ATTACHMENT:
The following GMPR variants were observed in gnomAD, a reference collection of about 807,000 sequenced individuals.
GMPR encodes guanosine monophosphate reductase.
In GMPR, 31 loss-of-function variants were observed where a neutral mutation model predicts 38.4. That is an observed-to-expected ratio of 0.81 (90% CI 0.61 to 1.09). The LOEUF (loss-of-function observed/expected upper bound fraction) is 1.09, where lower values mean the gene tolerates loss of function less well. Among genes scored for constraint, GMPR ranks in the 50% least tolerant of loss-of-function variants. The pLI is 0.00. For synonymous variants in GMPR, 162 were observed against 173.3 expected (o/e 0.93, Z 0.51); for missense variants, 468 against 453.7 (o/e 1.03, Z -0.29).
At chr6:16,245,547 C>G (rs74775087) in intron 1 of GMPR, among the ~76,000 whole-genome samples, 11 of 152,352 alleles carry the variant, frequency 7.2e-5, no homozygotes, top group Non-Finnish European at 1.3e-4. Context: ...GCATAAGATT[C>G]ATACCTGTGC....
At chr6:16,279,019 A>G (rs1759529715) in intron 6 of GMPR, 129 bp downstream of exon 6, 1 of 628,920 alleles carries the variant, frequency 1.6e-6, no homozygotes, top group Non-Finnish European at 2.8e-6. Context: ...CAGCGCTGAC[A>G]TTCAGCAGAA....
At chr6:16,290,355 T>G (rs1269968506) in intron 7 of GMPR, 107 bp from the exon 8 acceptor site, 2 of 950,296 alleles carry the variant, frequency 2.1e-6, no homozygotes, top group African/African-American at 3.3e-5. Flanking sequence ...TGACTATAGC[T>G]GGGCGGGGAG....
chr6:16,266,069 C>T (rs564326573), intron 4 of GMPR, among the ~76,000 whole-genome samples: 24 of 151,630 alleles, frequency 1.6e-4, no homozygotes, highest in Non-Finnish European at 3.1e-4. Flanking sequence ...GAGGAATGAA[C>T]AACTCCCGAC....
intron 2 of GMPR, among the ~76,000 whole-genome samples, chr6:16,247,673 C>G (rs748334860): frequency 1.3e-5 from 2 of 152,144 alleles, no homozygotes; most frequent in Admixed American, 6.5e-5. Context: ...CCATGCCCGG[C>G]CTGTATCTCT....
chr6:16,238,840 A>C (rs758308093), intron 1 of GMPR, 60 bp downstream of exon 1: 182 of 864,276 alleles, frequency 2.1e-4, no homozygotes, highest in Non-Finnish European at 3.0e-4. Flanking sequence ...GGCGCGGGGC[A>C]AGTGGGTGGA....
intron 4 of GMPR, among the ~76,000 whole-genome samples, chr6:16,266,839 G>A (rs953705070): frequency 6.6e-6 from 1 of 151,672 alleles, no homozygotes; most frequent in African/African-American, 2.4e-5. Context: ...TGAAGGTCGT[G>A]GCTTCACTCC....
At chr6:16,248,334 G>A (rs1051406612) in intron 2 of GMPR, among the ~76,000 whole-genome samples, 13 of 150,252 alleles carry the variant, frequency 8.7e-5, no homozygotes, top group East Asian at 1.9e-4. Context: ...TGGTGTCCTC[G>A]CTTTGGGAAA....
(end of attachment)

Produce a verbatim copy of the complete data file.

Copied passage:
The following GMPR variants were observed in gnomAD, a reference collection of about 807,000 sequenced individuals.
GMPR encodes guanosine monophosphate reductase.
In GMPR, 31 loss-of-function variants were observed where a neutral mutation model predicts 38.4. That is an observed-to-expected ratio of 0.81 (90% CI 0.61 to 1.09). The LOEUF (loss-of-function observed/expected upper bound fraction) is 1.09, where lower values mean the gene tolerates loss of function less well. Among genes scored for constraint, GMPR ranks in the 50% least tolerant of loss-of-function variants. The pLI is 0.00. For synonymous variants in GMPR, 162 were observed against 173.3 expected (o/e 0.93, Z 0.51); for missense variants, 468 against 453.7 (o/e 1.03, Z -0.29).
At chr6:16,245,547 C>G (rs74775087) in intron 1 of GMPR, among the ~76,000 whole-genome samples, 11 of 152,352 alleles carry the variant, frequency 7.2e-5, no homozygotes, top group Non-Finnish European at 1.3e-4. Context: ...GCATAAGATT[C>G]ATACCTGTGC....
At chr6:16,279,019 A>G (rs1759529715) in intron 6 of GMPR, 129 bp downstream of exon 6, 1 of 628,920 alleles carries the variant, frequency 1.6e-6, no homozygotes, top group Non-Finnish European at 2.8e-6. Context: ...CAGCGCTGAC[A>G]TTCAGCAGAA....
At chr6:16,290,355 T>G (rs1269968506) in intron 7 of GMPR, 107 bp from the exon 8 acceptor site, 2 of 950,296 alleles carry the variant, frequency 2.1e-6, no homozygotes, top group African/African-American at 3.3e-5. Flanking sequence ...TGACTATAGC[T>G]GGGCGGGGAG....
chr6:16,266,069 C>T (rs564326573), intron 4 of GMPR, among the ~76,000 whole-genome samples: 24 of 151,630 alleles, frequency 1.6e-4, no homozygotes, highest in Non-Finnish European at 3.1e-4. Flanking sequence ...GAGGAATGAA[C>T]AACTCCCGAC....
intron 2 of GMPR, among the ~76,000 whole-genome samples, chr6:16,247,673 C>G (rs748334860): frequency 1.3e-5 from 2 of 152,144 alleles, no homozygotes; most frequent in Admixed American, 6.5e-5. Context: ...CCATGCCCGG[C>G]CTGTATCTCT....
chr6:16,238,840 A>C (rs758308093), intron 1 of GMPR, 60 bp downstream of exon 1: 182 of 864,276 alleles, frequency 2.1e-4, no homozygotes, highest in Non-Finnish European at 3.0e-4. Flanking sequence ...GGCGCGGGGC[A>C]AGTGGGTGGA....
intron 4 of GMPR, among the ~76,000 whole-genome samples, chr6:16,266,839 G>A (rs953705070): frequency 6.6e-6 from 1 of 151,672 alleles, no homozygotes; most frequent in African/African-American, 2.4e-5. Context: ...TGAAGGTCGT[G>A]GCTTCACTCC....
At chr6:16,248,334 G>A (rs1051406612) in intron 2 of GMPR, among the ~76,000 whole-genome samples, 13 of 150,252 alleles carry the variant, frequency 8.7e-5, no homozygotes, top group East Asian at 1.9e-4. Context: ...TGGTGTCCTC[G>A]CTTTGGGAAA....